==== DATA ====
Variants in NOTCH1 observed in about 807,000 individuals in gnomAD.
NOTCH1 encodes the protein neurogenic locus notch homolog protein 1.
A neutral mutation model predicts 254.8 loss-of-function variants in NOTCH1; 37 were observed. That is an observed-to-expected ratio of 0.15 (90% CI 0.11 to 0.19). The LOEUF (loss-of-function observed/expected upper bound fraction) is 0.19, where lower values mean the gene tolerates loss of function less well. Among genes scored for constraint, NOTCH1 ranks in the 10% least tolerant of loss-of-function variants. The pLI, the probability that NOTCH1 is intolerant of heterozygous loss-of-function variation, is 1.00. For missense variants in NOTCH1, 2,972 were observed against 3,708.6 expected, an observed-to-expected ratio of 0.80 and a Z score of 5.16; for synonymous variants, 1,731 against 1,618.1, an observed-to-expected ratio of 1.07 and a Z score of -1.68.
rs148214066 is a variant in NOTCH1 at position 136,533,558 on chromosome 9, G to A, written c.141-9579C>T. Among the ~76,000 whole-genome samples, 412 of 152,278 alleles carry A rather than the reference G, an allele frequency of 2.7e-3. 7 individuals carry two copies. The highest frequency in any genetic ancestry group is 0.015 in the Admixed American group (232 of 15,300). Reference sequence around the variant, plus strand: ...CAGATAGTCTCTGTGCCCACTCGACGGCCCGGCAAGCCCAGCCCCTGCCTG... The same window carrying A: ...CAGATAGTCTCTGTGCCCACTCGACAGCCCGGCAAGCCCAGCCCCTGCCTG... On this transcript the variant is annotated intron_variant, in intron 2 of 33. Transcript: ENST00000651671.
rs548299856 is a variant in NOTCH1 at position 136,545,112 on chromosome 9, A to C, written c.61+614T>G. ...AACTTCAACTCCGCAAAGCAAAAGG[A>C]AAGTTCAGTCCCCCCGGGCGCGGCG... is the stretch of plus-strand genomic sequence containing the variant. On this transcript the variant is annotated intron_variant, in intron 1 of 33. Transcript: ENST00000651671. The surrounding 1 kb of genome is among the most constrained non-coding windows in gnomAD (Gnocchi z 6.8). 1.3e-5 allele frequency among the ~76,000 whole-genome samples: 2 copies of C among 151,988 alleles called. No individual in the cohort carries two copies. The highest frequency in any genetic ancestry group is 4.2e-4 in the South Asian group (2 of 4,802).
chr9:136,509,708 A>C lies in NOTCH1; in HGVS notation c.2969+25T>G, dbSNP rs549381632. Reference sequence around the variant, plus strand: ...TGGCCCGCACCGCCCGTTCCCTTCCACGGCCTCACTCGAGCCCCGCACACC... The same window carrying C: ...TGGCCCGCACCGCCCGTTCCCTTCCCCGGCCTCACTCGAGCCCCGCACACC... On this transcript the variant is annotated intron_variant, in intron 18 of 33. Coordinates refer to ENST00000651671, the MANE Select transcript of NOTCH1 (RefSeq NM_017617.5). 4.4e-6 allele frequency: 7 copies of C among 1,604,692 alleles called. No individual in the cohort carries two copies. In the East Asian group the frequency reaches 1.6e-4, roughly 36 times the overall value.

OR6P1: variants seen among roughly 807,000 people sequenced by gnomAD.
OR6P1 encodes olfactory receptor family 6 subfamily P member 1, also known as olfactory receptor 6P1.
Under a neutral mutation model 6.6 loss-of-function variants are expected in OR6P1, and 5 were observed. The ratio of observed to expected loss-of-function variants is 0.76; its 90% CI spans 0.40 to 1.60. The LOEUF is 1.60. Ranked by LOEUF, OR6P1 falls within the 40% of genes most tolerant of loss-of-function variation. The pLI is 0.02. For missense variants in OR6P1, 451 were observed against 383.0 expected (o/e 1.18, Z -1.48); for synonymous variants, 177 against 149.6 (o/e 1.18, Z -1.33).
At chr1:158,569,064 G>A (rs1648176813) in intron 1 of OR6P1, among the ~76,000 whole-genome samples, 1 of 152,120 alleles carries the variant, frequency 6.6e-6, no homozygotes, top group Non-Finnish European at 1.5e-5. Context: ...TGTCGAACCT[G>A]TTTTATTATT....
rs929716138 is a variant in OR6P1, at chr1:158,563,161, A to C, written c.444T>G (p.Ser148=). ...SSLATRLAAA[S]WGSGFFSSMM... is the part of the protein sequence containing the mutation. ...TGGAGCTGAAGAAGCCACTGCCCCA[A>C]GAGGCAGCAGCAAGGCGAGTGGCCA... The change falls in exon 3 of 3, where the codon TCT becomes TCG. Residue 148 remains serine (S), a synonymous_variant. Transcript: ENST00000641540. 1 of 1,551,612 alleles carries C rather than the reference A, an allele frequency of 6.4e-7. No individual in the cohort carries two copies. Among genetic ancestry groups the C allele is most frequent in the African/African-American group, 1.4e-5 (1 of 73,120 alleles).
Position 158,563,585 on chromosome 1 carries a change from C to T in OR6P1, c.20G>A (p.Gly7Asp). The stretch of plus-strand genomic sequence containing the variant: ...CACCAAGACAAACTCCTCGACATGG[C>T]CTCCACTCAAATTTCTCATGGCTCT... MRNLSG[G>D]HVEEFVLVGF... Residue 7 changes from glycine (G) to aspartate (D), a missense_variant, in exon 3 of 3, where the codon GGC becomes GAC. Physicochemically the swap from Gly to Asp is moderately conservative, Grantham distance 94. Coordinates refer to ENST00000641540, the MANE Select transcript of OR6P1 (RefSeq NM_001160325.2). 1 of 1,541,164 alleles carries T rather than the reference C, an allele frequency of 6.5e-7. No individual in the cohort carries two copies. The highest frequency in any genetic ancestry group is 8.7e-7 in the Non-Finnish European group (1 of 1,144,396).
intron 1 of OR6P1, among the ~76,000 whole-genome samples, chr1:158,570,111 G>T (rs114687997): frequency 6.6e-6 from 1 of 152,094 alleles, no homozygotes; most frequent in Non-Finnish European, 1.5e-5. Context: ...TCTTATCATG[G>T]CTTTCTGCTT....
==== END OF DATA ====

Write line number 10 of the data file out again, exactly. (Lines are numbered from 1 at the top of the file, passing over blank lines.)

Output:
At chr1:158,569,064 G>A (rs1648176813) in intron 1 of OR6P1, among the ~76,000 whole-genome samples, 1 of 152,120 alleles carries the variant, frequency 6.6e-6, no homozygotes, top group Non-Finnish European at 1.5e-5. Context: ...TGTCGAACCT[G>A]TTTTATTATT....